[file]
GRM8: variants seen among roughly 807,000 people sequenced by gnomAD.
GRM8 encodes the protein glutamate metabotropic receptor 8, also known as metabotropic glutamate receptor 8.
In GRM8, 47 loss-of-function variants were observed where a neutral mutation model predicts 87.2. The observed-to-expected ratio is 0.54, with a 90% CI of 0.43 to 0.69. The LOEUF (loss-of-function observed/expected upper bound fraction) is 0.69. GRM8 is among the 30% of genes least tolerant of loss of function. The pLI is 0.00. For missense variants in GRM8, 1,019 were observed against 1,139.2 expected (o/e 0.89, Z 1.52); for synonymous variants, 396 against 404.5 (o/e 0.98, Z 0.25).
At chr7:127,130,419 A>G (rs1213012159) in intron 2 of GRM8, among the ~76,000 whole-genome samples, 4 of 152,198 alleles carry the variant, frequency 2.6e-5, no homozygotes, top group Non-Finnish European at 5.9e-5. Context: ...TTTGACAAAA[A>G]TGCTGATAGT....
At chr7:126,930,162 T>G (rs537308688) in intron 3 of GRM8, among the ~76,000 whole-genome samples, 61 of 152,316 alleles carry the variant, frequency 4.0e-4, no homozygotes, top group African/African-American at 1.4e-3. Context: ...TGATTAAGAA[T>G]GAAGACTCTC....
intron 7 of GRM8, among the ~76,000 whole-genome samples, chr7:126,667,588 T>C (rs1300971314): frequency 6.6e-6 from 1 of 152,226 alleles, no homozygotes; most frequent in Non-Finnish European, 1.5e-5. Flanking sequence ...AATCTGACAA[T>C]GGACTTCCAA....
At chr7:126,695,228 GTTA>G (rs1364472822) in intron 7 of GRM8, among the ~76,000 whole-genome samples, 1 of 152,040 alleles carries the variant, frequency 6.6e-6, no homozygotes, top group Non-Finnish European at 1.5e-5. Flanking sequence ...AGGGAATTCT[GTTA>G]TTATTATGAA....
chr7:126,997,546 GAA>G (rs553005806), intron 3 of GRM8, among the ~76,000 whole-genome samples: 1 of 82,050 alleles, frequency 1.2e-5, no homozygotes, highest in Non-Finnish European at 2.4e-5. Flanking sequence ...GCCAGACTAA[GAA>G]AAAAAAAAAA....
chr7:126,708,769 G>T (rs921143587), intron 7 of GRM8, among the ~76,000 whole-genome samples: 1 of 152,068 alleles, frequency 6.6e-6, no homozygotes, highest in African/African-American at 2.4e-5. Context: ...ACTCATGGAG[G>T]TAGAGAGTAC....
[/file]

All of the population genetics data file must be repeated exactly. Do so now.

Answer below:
GRM8: variants seen among roughly 807,000 people sequenced by gnomAD.
GRM8 encodes the protein glutamate metabotropic receptor 8, also known as metabotropic glutamate receptor 8.
In GRM8, 47 loss-of-function variants were observed where a neutral mutation model predicts 87.2. The observed-to-expected ratio is 0.54, with a 90% CI of 0.43 to 0.69. The LOEUF (loss-of-function observed/expected upper bound fraction) is 0.69. GRM8 is among the 30% of genes least tolerant of loss of function. The pLI is 0.00. For missense variants in GRM8, 1,019 were observed against 1,139.2 expected (o/e 0.89, Z 1.52); for synonymous variants, 396 against 404.5 (o/e 0.98, Z 0.25).
At chr7:127,130,419 A>G (rs1213012159) in intron 2 of GRM8, among the ~76,000 whole-genome samples, 4 of 152,198 alleles carry the variant, frequency 2.6e-5, no homozygotes, top group Non-Finnish European at 5.9e-5. Context: ...TTTGACAAAA[A>G]TGCTGATAGT....
At chr7:126,930,162 T>G (rs537308688) in intron 3 of GRM8, among the ~76,000 whole-genome samples, 61 of 152,316 alleles carry the variant, frequency 4.0e-4, no homozygotes, top group African/African-American at 1.4e-3. Context: ...TGATTAAGAA[T>G]GAAGACTCTC....
intron 7 of GRM8, among the ~76,000 whole-genome samples, chr7:126,667,588 T>C (rs1300971314): frequency 6.6e-6 from 1 of 152,226 alleles, no homozygotes; most frequent in Non-Finnish European, 1.5e-5. Flanking sequence ...AATCTGACAA[T>C]GGACTTCCAA....
At chr7:126,695,228 GTTA>G (rs1364472822) in intron 7 of GRM8, among the ~76,000 whole-genome samples, 1 of 152,040 alleles carries the variant, frequency 6.6e-6, no homozygotes, top group Non-Finnish European at 1.5e-5. Flanking sequence ...AGGGAATTCT[GTTA>G]TTATTATGAA....
chr7:126,997,546 GAA>G (rs553005806), intron 3 of GRM8, among the ~76,000 whole-genome samples: 1 of 82,050 alleles, frequency 1.2e-5, no homozygotes, highest in Non-Finnish European at 2.4e-5. Flanking sequence ...GCCAGACTAA[GAA>G]AAAAAAAAAA....
chr7:126,708,769 G>T (rs921143587), intron 7 of GRM8, among the ~76,000 whole-genome samples: 1 of 152,068 alleles, frequency 6.6e-6, no homozygotes, highest in African/African-American at 2.4e-5. Context: ...ACTCATGGAG[G>T]TAGAGAGTAC....